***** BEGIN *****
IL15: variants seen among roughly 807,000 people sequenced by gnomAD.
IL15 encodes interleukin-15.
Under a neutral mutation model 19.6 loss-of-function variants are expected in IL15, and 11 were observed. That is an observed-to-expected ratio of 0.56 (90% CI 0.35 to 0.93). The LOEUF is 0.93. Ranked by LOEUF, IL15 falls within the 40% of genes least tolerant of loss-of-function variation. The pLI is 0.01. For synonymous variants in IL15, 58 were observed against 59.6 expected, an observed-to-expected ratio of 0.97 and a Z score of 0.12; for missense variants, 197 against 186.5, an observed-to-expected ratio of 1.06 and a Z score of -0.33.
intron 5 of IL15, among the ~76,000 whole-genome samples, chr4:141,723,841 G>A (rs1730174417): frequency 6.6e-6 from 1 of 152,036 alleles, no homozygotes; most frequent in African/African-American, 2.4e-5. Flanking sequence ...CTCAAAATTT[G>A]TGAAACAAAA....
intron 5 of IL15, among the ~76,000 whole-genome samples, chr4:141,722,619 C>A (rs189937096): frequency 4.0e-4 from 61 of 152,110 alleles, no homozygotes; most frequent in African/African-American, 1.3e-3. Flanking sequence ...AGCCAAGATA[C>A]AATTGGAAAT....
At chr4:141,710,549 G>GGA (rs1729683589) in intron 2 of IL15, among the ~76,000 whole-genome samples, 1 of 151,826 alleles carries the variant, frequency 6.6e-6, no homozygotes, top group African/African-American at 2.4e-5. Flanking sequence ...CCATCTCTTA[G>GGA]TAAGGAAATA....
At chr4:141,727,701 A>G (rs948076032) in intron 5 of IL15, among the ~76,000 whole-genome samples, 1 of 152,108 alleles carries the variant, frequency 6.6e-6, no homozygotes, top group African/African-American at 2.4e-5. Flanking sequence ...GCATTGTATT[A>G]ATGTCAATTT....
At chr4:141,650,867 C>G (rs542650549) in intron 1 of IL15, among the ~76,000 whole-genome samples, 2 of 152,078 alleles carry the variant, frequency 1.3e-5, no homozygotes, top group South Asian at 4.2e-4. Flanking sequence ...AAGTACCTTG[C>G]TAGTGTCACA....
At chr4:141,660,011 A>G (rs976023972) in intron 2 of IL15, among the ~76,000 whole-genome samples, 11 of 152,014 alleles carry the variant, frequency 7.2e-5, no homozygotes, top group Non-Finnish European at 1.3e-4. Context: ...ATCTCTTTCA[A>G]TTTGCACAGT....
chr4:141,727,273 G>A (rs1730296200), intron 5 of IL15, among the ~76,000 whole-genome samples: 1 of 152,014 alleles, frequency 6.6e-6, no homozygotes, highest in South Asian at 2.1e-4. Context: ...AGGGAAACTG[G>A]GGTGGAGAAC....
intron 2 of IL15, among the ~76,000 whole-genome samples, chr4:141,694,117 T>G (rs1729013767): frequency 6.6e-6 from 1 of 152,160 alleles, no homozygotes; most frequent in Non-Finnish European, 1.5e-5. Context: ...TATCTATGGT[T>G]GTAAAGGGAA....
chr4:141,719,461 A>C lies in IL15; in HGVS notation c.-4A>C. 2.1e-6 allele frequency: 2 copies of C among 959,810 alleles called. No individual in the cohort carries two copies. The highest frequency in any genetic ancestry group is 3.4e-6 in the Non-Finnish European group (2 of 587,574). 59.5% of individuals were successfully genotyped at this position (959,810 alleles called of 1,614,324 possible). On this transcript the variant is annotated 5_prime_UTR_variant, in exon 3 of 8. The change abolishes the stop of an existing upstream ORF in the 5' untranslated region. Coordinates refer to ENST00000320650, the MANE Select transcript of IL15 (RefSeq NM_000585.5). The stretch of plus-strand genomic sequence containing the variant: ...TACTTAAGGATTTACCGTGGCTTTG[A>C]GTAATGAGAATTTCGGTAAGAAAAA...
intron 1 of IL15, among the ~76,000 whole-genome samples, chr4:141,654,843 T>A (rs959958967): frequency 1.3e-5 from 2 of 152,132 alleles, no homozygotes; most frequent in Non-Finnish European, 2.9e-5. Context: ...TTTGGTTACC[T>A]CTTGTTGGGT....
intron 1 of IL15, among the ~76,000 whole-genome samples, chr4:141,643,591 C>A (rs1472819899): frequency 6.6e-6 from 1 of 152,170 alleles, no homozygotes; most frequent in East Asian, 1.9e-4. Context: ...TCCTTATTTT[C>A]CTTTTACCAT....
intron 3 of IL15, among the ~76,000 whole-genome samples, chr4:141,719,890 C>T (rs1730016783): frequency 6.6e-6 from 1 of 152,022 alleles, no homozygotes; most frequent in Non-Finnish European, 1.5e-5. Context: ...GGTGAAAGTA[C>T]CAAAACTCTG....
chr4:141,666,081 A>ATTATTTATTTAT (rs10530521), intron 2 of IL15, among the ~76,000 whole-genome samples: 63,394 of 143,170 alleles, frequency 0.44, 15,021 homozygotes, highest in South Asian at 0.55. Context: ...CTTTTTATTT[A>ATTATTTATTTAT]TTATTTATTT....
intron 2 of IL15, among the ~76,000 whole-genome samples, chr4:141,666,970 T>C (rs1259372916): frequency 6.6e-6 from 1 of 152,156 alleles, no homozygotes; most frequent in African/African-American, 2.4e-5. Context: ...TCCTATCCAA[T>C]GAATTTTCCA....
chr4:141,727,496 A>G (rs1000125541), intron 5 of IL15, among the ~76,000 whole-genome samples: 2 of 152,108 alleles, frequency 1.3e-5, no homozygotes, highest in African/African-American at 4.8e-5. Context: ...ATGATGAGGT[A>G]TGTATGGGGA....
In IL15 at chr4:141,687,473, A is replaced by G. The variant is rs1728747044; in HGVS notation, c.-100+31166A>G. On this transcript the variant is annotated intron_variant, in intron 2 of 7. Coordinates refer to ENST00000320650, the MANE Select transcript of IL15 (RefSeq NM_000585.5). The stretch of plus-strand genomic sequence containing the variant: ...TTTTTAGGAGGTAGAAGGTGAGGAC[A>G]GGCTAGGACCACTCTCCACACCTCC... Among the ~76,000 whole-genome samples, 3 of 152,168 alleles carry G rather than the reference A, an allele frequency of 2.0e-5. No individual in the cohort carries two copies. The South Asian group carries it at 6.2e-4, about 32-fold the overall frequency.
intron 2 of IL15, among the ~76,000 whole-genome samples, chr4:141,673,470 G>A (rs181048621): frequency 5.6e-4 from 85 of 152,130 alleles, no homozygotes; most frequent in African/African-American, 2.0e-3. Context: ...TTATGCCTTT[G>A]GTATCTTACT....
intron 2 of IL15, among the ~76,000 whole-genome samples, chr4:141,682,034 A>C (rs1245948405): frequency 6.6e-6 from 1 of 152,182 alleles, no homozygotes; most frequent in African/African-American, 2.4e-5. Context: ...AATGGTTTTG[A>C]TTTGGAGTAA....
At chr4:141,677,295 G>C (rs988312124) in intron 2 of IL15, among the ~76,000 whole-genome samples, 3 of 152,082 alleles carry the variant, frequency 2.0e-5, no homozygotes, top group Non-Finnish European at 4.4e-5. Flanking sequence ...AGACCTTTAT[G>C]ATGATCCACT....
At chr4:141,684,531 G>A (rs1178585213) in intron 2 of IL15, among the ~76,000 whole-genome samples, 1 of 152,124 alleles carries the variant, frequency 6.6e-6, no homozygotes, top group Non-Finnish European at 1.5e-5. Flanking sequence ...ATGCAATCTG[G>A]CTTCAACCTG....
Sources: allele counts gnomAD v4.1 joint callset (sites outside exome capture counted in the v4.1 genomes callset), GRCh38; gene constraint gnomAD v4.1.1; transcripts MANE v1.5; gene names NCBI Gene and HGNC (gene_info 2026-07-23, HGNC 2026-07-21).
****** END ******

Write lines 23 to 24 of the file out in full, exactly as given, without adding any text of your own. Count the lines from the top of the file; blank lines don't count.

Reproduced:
At chr4:141,684,531 G>A (rs1178585213) in intron 2 of IL15, among the ~76,000 whole-genome samples, 1 of 152,124 alleles carries the variant, frequency 6.6e-6, no homozygotes, top group Non-Finnish European at 1.5e-5. Flanking sequence ...ATGCAATCTG[G>A]CTTCAACCTG....
Sources: allele counts gnomAD v4.1 joint callset (sites outside exome capture counted in the v4.1 genomes callset), GRCh38; gene constraint gnomAD v4.1.1; transcripts MANE v1.5; gene names NCBI Gene and HGNC (gene_info 2026-07-23, HGNC 2026-07-21).